“I would be prepared as a human being to forgive him [Crowley]. That would not deter me from using this as an educational opportunity for America. Because if this can happen to me in Harvard Square, this can happen to anybody in the United states…. What it made me realize was how vulnerable all black men are, how vulnerable all people of color are, and all poor people, to capricious forces like a rogue policeman, and this man clearly was a rogue policeman.”

Between 1987 and 2009, Gates authored at least eleven books and edited five others, mostly on the subject of race. His 1996 book, The Future of the Race, was co-authored with Cornel West. (Gates has co-authored two books with West.) “My most cherished accomplishment is helping to edit the Encyclopaedia Africana,” says Gates. “Every people in the world had an encyclopedia but black people. There’s an Encyclopaedia Judaica, Encyclopaedia Britannica and finally, at the turn of the 21st century, we [blacks] have one as well.”

Gates hosted and co-produced African American Lives (2006) and African American Lives 2 (2008), a pair of television presentations that used DNA testing to trace the lineage of notable black individuals.

In 2012, Gates became the host of a new PBS series titled Finding Your Roots, which uses traditional genealogical research as well as genetics to piece together the family histories of famous Americans. In a hacked Sony email from July 22, 2014, Gates asked Sony USA chief executive officer Michael Lynton for guidance on how to deal with a special request by actor Ben Affleck, who was the subject of one episode of Gates’s program. Wrote Gates: “I need your advice…. One of our guests [Affleck] has asked us to edit out something about one of his ancestors — the fact that he owned slaves. Now, four or five of our guests this season descend from slave owners, including Ken Burns. We’ve never had anyone ever try to censor or edit what we found. He’s a megastar. What do we do?”

Lynton replied, “… I would take it out if no one knows, but if it gets out that you are editing the material based on this kind of sensitivity then it gets tricky…. [I]t is tricky because it may get out that you made the change and it comes down to editorial integrity.” Gates, in turn, responded: “It would embarrass him and compromise our integrity…. I’ve offered to fly to Detroit, where he is filming, to talk it through. Once we open the door to censorship, we lose control of the brand.”

In the end, the episode — which aired on October 14, 2014 — made no mention of Affleck’s slave-owning ancestor. When news of this censorship became public in April 2015, Gates released a statement that said: “… We are very grateful to all of our guests for allowing us into their personal lives and have told hundreds of stories in this series including many about slave ancestors — never shying away from chapters of a family’s past that might be unpleasant. Ultimately, I maintain editorial control on all of my projects and, with my producers, decide what will make for the most compelling program. In the case of Mr. Affleck — we focused on what we felt were the most interesting aspects of his ancestry — including a Revolutionary War ancestor, a 3rd great-grandfather who was an occult enthusiast, and his mother, who marched for Civil Rights during the Freedom Summer of 1964.”2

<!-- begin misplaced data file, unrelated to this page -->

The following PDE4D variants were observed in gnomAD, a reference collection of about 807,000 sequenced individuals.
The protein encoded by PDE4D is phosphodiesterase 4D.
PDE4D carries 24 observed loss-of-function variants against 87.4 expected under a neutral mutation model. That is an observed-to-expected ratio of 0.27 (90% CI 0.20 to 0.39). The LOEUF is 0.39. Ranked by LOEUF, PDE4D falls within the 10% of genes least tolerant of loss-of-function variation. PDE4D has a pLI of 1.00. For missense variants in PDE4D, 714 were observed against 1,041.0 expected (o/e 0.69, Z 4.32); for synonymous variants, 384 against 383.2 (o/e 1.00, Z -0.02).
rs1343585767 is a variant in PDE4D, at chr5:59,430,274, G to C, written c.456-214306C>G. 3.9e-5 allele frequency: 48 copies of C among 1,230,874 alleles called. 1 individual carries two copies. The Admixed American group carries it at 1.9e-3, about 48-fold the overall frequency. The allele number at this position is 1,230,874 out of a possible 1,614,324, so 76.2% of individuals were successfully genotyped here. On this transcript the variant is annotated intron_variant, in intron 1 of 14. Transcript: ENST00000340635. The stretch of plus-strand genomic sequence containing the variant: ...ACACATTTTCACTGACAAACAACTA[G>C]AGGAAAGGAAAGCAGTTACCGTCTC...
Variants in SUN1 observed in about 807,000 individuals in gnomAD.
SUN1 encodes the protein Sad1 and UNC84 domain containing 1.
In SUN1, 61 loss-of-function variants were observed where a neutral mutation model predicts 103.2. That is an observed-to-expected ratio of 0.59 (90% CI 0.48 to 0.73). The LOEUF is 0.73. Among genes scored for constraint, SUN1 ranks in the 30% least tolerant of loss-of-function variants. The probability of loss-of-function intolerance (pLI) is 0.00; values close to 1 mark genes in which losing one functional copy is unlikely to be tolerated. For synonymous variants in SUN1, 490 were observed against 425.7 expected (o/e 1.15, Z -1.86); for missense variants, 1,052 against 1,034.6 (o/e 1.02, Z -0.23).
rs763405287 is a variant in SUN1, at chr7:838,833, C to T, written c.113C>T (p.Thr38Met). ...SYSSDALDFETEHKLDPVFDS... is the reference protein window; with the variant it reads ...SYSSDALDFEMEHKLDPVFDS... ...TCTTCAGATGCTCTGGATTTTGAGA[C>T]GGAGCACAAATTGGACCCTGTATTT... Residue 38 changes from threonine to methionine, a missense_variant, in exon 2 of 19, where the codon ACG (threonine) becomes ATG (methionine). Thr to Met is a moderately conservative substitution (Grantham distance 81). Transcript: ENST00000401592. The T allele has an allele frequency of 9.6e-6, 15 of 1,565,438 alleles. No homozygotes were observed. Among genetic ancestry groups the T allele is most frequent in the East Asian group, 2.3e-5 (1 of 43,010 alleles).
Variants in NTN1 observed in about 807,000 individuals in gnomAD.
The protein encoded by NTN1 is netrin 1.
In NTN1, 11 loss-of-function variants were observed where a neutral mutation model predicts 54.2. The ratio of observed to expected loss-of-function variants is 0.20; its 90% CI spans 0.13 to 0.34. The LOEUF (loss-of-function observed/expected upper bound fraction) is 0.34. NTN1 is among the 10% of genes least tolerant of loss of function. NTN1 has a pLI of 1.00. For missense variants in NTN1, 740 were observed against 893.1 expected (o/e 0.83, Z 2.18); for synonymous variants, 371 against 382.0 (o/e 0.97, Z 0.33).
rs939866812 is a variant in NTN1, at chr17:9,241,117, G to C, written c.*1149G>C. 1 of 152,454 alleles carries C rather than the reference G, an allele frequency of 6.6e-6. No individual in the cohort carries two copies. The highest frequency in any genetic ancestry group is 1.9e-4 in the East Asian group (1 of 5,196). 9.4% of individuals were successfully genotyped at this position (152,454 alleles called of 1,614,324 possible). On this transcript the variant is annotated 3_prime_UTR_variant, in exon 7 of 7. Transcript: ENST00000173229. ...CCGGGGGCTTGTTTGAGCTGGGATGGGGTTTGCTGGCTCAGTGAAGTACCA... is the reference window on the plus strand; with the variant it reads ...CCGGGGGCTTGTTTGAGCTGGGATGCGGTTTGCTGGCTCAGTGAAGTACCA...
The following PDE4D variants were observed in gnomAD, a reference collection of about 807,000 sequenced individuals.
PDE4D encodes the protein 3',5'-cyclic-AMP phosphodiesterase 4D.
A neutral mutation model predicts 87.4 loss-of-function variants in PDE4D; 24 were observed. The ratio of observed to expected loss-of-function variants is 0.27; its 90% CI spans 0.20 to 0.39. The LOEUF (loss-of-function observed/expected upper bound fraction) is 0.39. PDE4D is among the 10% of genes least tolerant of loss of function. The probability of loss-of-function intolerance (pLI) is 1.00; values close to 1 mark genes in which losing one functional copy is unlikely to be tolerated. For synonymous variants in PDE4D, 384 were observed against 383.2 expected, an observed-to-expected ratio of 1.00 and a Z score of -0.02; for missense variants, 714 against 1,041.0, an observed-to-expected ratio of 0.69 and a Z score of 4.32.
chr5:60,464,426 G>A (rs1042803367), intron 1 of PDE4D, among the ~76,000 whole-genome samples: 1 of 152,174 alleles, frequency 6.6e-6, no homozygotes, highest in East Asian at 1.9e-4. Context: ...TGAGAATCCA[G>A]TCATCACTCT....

Today Gates chairs the North Carolina-based Fletcher Foundation. He is a member of the Council on Foreign Relations, and he sits on the boards of such institutions as the New York Public Library, Jazz at Lincoln Center, the Aspen Institute, the Brookings Institution, the Studio Museum of Harlem, the NAACP Legal Defense Fund, the Harlem Educational Activities Fund, and the Center for Advanced Study in the Behavioral Sciences.

Gates has close relationships with sociologist William Julius Wilson, who supports the Democratic Socialists of America, and with attorney Charles Ogletree, who was once a hard-core radical with roots in the Black Panther movement.

The quotes and assertions attributed to Gates in this paragraph were cited by Dinesh D’Souza in his book The End of Racism (New York: The Free Press, 1995).
2 On June 25, 2015, The New York Times reported the following: “PBS said that an investigation into the controversy showed that Mr. Affleck had exerted ‘improper influence’ over the editorial process and that the producers of the show, Mr. Gates included, had erred by not informing the network of the actor’s ‘efforts to affect program content.’ PBS said it would postpone the third season of the show until a fact-checker was hired and an ‘independent genealogist’ was added to the show’s staff. PBS also will not show Mr. Affleck’s episode anymore and removed it from its online archive.”